Following Moody's three weeks ago ...S&P downgrades CDB
Standard & Poor's (S&P) has downgraded the Caribbean Development Bank (CDB) from AAA, the firm's highest rating, stating that its risk management has weakened.
"We lowered the long-term issuer credit rating on the bank to 'AA+' from 'AAA' and affirmed the 'A1+' short-term rating," said the Wall Street-based S&P in a statement issued in New York Tuesday.
S&P said "the stable outlook reflects our expectation that despite weaknesses in the risk management framework, the bank's financial position will remain in line with its rated peers and that the very strong shareholder support will persist".
Three weeks ago, another US-based rating agency, Moody's Investors Service, downgraded the credit ratings of the Barbados-based CDB also by one notch from Aaa to Aa1.
The downgrade followed a routine examination of the region's premier development bank.
CDB president Dr Warren Smith said then that the new rating was being accepted "in today's heightened environment of un-certainty" and that "our risk manage-ment practices need to be strengthened".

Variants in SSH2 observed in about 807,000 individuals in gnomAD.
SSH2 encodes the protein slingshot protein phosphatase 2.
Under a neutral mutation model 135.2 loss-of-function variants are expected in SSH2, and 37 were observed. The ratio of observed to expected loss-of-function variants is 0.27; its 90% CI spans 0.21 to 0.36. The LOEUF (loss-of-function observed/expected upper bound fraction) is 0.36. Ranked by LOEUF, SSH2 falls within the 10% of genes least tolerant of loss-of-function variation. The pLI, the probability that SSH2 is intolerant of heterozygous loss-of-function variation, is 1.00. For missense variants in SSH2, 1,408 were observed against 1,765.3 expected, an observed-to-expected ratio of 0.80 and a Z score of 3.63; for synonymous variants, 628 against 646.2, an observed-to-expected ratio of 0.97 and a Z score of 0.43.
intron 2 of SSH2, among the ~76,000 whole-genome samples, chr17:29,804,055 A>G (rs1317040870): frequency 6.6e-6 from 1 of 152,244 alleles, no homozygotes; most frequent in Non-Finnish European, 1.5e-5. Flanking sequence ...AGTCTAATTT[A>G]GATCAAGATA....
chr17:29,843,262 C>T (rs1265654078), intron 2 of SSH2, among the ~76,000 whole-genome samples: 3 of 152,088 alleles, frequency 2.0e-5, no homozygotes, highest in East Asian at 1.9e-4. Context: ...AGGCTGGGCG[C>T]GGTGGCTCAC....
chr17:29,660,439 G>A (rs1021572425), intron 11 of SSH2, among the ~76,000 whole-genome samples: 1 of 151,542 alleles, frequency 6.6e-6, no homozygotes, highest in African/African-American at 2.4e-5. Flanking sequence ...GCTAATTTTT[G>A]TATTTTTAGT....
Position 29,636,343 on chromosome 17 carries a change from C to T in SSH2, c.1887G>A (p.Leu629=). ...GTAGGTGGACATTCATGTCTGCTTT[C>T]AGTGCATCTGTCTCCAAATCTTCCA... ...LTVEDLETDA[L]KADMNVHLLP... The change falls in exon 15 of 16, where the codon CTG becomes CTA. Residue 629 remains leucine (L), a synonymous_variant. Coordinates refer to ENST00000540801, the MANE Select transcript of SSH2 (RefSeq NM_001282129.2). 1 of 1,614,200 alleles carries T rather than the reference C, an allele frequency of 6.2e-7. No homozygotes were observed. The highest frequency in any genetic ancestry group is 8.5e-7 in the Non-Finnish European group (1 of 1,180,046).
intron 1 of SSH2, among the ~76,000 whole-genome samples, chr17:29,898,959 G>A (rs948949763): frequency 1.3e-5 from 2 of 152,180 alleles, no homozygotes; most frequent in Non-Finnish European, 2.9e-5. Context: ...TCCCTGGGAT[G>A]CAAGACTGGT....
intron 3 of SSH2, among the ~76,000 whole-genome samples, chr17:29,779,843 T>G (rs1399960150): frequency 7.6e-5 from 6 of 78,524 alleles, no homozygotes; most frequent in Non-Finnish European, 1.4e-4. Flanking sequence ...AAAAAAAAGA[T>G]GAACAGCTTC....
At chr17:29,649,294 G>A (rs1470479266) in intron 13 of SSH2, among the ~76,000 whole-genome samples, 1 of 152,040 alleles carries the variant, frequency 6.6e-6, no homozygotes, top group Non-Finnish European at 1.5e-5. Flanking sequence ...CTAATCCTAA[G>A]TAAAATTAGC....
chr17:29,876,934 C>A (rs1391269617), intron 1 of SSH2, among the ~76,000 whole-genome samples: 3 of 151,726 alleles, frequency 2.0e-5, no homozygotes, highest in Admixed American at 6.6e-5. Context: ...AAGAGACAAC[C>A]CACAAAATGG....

S&P said its downgrade reflects its view that CDB's risk management is not commensurate with other 'AAA' rated multilateral lending institutions, particularly given its size and regional economic weakness.
"CDB has failed to comply with one of its internal liquidity policy guidelines, and borrower concentration remains high," it said.
The rating agency said the bank's liquidity was tighter in 2011 than in previous years, stating that at the end of 2011, CDB had a negative funding gap of three to 12 months because of US$226 million of debt maturing in 2012.
It said liquid assets represented 70 per cent of undisbursed loans and projected one year of debt service at the end of 2011.
Despite covering 143 per cent of debt maturing in one year or less, S&P said CDB's liquid assets were less than the minimum of 200 per cent it main-tained during the prior five years.
It said CDB expects to raise sufficient debt this year to roll over its 2012 maturities and finance a planned US$100 million of lending.
"Related to liquidity, funding management is of concern and compares less favourably with the diversified funding strategies of other small multilateral institutions," the statement said.